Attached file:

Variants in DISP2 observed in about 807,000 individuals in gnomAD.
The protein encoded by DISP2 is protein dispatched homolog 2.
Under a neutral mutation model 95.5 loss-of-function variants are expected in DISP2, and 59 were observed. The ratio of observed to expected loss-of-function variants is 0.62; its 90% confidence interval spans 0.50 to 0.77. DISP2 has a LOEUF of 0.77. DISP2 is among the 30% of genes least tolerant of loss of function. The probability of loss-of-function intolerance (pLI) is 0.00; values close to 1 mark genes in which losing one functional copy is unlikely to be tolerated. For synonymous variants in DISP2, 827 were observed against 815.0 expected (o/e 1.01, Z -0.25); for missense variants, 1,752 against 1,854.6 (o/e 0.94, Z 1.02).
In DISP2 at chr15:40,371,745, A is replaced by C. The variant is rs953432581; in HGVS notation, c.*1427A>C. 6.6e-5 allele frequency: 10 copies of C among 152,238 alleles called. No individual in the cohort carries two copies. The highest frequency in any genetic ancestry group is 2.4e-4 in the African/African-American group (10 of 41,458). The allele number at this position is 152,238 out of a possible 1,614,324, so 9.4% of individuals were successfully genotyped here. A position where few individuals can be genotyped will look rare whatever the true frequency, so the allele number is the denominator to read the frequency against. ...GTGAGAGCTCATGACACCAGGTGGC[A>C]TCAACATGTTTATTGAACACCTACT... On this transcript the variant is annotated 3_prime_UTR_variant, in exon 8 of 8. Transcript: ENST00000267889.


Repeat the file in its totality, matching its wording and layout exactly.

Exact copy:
Variants in DISP2 observed in about 807,000 individuals in gnomAD.
The protein encoded by DISP2 is protein dispatched homolog 2.
Under a neutral mutation model 95.5 loss-of-function variants are expected in DISP2, and 59 were observed. The ratio of observed to expected loss-of-function variants is 0.62; its 90% confidence interval spans 0.50 to 0.77. DISP2 has a LOEUF of 0.77. DISP2 is among the 30% of genes least tolerant of loss of function. The probability of loss-of-function intolerance (pLI) is 0.00; values close to 1 mark genes in which losing one functional copy is unlikely to be tolerated. For synonymous variants in DISP2, 827 were observed against 815.0 expected (o/e 1.01, Z -0.25); for missense variants, 1,752 against 1,854.6 (o/e 0.94, Z 1.02).
In DISP2 at chr15:40,371,745, A is replaced by C. The variant is rs953432581; in HGVS notation, c.*1427A>C. 6.6e-5 allele frequency: 10 copies of C among 152,238 alleles called. No individual in the cohort carries two copies. The highest frequency in any genetic ancestry group is 2.4e-4 in the African/African-American group (10 of 41,458). The allele number at this position is 152,238 out of a possible 1,614,324, so 9.4% of individuals were successfully genotyped here. A position where few individuals can be genotyped will look rare whatever the true frequency, so the allele number is the denominator to read the frequency against. ...GTGAGAGCTCATGACACCAGGTGGC[A>C]TCAACATGTTTATTGAACACCTACT... On this transcript the variant is annotated 3_prime_UTR_variant, in exon 8 of 8. Transcript: ENST00000267889.